When is an apprenticeship not an apprenticeship?

I saw an interesting comment on Facebook recently, about the validity of current apprenticeships, which said, “I hope these are going to be real apprenticeships that last 4 or 5 years with HNCs or similar at the end of them as we had in the 60s and 70s.”

I think it’s true that there has been some hijacking of the term apprenticeship in recent years, both within the public and private sectors. This was highlighted by Doug Richard, when he launched the Richard Review of Apprenticeships. Richard said, “With the myriad of learning experiences which are currently labelled as apprenticeships, we risk losing sight of the core features of what makes apprenticeships work, so my conclusion is that we need to look again at what it means to be an apprentice and what it means to offer an apprenticeship as an employer.”

I couldn’t agree more with this. For whatever reason, whether for good marketing or confused intent, the word ‘apprenticeship’ has become a convenient label for many training programmes aimed at work starters. This doesn’t help us to compare today’s apprenticeships to those delivered back in the day.

It seems to me that the merits of the traditional apprenticeship were founded in a society-wide respect for the process. People were “time-served” and we all knew that meant they’d worked in a real location, solving real problems on the job for a pretty decent period of time. An apprenticeship wasn’t a crash course, it wasn’t shake-and-bake learning and it wasn’t a shortcut to anywhere. It was years on the job: solid learning. Ways of working were handed down, direct, from practitioners. This meant that people learned in-depth: it wasn’t theoretical, it was experiential – indeed, it was often almost always experiential, with four days working and one day learning at a local college.

Sounds pretty good. So why don’t we just go back to that? Well, like all visions of the past, we have to make sure that we’ve removed our rose-tinted spectacles. Traditional apprenticeships did have some downsides. The apprentice could become a lackey, not really learning so much as fetching and carrying. Learning could be very unstructured and inconsistent – not just from location to location but even from person to person. As a result, the training could take far longer than was actually needed.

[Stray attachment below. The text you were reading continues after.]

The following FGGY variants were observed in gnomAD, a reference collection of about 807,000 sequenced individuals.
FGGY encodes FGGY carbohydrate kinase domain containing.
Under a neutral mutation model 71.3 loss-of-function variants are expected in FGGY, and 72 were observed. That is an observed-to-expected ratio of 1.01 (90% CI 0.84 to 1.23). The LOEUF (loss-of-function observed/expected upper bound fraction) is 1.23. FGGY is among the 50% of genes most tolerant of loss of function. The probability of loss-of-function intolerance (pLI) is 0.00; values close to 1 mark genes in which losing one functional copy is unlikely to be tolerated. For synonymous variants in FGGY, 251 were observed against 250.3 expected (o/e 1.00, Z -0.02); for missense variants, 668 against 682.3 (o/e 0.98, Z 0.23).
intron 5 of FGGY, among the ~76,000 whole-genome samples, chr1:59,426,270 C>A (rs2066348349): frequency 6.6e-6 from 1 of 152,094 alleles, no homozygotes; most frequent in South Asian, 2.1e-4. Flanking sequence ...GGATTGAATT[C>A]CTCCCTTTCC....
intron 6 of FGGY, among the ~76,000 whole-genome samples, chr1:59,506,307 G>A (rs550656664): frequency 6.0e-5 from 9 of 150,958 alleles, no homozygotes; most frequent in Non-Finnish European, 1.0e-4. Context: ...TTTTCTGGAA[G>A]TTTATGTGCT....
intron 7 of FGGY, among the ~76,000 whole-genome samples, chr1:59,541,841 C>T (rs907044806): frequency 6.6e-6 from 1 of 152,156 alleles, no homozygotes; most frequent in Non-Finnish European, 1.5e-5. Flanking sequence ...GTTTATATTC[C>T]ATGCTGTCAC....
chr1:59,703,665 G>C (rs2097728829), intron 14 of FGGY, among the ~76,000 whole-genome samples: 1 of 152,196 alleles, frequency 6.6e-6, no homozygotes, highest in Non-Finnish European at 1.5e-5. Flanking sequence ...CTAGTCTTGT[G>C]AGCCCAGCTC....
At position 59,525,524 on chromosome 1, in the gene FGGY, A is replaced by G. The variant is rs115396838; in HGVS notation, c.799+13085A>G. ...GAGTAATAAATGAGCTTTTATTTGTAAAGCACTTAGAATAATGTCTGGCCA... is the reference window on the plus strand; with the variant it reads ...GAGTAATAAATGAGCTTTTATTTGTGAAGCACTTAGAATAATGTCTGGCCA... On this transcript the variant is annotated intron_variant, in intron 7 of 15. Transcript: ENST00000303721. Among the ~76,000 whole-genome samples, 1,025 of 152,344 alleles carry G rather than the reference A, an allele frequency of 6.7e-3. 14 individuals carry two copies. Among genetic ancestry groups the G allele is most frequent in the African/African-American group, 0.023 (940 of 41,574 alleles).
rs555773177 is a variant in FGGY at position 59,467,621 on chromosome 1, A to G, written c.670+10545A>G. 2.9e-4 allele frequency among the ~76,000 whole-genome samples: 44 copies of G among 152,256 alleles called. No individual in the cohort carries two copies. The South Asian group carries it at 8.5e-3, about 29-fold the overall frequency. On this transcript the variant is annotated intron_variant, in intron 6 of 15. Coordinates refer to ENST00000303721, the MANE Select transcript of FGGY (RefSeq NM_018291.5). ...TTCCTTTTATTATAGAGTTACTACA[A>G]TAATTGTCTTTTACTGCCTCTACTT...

What today’s apprenticeships aspire to do is address those issues, but combine the more structured and consistent learning with the real-world experience that we all know is so vital. The key ingredient, though – today as in the past – is to make sure that the apprenticeship is employer-led. By this I mean that the employer is directly involved in shaping the process of learning, so that the apprentice truly does become the ideal worker.

On top of which, we actually understand far more about the learning process than we did in the 60s and 70s and have far more available in the way of learning tools. Multimedia, e-learning, social media, the Internet – none of these existed back then. There are so many ways in which learning can be more effective – and more relevant to the younger generation.

So, if we can focus our vocabulary so that we can regain a common understanding of what an apprenticeship is, I believe that today’s apprenticeships can build on what we learned in the past and actually become something significantly better – not an induction course that’s simply labelled ‘apprenticeship’ but a real, in-depth learning process that prepares people for work in the best possible way.

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